I’ve been in my role for several years and, while I like my job and have received good feedback, I have yet to be promoted to a manager role. What can I do to show my bosses I’m ready? Or should I just look for a new job?
Being passed over for promotion can be demoralising, but before you allow it to dent your confidence, it’s worth considering the root cause. It may simply be that your managers are not aware of your ambitions, or that you are performing your current job so well that they are keen to keep you in the same role.
However, another possibility is that you are not displaying the qualities typically associated with a manager, such as authority, personal impact and gravitas. Addressing this can be complex, and it may be worth undertaking professional training to hone your impact at work.
If that’s not an option, there are certain considerations to bear in mind. Ask yourself how your colleagues view you – do they think of you as a “yes” person, always prepared to take on work outside of your remit? Are you the first to make a round of tea, or to answer the phone when it rings? Do you delegate or are you delegated to? Where appropriate, ask for honest feedback from a colleague you trust.
In working towards achieving managerial status, you may also need to forget about fitting in and being liked by your teammates. Consider whether it is appropriate for a manager to be present at work drinks at the pub every evening, discussing their latest Tinder date at work, or complaining loudly about a difficult client. While it is important to maintain positive working relationships, remember that, as a manager, you will need to prioritise performance over popularity.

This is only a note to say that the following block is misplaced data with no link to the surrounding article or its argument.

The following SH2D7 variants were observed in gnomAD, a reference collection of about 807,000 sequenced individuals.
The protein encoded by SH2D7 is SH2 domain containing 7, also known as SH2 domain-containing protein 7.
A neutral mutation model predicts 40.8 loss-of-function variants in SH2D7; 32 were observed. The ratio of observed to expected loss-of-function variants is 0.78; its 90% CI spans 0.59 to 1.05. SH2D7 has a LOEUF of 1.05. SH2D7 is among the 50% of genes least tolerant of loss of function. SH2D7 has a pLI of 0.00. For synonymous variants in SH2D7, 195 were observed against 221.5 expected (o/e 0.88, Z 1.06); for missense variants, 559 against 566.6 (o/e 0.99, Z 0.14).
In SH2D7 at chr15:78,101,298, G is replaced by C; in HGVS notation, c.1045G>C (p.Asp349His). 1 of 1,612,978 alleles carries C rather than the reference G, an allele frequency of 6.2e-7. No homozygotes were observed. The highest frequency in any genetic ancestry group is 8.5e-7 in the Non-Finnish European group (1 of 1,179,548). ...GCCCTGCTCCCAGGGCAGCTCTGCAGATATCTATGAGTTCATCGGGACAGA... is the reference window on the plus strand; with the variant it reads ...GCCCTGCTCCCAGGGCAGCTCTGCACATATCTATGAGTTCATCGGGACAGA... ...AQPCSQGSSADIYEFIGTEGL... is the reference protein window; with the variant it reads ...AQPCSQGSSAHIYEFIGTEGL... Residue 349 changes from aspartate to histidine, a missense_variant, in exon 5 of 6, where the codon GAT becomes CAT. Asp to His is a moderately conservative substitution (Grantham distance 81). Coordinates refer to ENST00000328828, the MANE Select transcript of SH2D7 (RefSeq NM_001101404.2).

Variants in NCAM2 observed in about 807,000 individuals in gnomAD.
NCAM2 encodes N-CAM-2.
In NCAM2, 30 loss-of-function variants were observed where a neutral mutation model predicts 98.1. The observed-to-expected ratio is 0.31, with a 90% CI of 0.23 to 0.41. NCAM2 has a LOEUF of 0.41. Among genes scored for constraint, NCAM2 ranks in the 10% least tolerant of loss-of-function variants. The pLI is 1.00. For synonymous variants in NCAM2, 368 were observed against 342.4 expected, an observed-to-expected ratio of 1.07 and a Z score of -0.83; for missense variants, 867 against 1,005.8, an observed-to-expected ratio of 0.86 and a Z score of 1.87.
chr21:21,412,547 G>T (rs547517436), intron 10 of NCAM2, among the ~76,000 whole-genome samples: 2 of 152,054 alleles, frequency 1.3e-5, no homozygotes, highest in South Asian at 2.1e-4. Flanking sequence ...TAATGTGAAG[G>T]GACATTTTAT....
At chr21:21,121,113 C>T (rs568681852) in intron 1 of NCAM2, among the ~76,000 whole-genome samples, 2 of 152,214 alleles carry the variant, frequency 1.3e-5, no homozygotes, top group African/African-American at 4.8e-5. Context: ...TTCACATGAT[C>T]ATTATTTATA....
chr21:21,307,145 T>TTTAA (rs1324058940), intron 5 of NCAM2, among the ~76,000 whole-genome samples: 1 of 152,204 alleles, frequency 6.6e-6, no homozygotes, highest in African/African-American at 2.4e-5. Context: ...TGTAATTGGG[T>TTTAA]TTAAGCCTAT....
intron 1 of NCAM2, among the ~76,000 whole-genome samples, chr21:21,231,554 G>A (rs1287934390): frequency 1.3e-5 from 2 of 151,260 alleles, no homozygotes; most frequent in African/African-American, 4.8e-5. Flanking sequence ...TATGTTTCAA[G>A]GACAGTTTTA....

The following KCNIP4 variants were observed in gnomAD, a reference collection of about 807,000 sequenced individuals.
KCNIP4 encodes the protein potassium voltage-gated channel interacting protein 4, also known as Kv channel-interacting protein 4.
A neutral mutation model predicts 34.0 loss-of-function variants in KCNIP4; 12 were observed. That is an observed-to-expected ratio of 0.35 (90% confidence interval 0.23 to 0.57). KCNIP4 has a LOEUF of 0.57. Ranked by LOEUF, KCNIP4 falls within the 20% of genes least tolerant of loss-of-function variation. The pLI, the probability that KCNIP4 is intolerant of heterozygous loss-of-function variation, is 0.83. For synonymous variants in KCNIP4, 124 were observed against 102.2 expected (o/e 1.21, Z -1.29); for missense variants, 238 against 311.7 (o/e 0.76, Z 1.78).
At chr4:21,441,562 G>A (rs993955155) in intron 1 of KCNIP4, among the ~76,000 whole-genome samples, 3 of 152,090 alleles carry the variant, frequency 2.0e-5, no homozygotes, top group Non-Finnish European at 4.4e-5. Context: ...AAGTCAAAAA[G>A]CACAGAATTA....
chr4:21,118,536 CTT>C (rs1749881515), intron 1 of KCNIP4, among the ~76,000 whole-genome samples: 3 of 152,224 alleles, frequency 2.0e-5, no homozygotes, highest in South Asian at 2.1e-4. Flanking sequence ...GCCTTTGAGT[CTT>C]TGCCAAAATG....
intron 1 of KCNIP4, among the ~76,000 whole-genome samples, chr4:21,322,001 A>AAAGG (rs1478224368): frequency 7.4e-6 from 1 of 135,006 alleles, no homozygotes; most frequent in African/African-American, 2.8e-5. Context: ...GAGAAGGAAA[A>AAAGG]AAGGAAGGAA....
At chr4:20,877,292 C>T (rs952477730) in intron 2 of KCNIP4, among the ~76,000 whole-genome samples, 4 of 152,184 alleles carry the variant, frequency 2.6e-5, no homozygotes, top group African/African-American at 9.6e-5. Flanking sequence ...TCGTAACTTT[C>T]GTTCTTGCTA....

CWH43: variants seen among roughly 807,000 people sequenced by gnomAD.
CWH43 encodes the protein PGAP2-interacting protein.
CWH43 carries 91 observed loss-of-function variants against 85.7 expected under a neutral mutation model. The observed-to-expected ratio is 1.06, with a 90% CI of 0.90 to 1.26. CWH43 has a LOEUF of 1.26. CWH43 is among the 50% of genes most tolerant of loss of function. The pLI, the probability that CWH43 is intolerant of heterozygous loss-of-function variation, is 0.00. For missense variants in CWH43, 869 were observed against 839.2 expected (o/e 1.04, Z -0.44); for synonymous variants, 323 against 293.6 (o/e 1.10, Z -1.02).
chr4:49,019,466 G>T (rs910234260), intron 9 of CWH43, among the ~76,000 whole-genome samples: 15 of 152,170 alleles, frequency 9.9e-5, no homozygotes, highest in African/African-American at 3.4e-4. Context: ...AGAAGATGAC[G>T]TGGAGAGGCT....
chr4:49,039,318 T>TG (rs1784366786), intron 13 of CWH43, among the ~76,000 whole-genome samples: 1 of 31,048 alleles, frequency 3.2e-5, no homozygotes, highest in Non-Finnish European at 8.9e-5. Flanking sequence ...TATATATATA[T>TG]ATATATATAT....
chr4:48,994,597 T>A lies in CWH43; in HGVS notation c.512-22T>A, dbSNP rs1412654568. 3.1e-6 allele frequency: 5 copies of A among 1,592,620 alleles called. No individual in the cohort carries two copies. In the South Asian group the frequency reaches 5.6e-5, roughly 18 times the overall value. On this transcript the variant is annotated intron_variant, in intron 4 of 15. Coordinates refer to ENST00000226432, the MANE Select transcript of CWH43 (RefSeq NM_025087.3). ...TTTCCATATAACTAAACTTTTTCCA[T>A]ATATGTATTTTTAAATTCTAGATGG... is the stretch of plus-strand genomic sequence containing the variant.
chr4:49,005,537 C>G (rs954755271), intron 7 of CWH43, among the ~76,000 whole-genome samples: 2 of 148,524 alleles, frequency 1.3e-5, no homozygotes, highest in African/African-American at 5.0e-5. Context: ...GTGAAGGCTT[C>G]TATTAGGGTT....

Equally, don’t be afraid to delegate. Before you jump up to fix the photocopier, consider whether it’s the best use of your time. If not, ask someone else to do it. Effective managers are able to motivate and persuade others to perform even the most tedious tasks.
Be aware of your allies: if you are more likely to socialise and interact with junior members of staff, you may be thought of as one yourself. Don’t be afraid to build rapport with senior colleagues – mastering the art of small talk is a key networking skill and can also be a way of promoting your abilities and experience to decision makers.
Your personal image and presentation also play a role – while it’s a cliché that you should dress for the job you want and not the one you have, appropriate dress and appearance will support your authority and give clients and colleagues confidence in your professionalism and competence. Even if your office operates an informal dress code, you may notice that senior members of staff opt for formal attire over jeans and t-shirts.
Finally, open communication with your managers is essential. Ask for a meeting and let them know that you feel ready to progress to the next level in your career. Be prepared to outline your achievements and ensure that you have adequate information to back up your argument, including performance indicators such as sales or conversion rates. Even if they don’t offer you a promotion immediately, they will at least be aware of your goal the next time an opportunity arises. If they still fail to promote you, it may be time to look for a new job.
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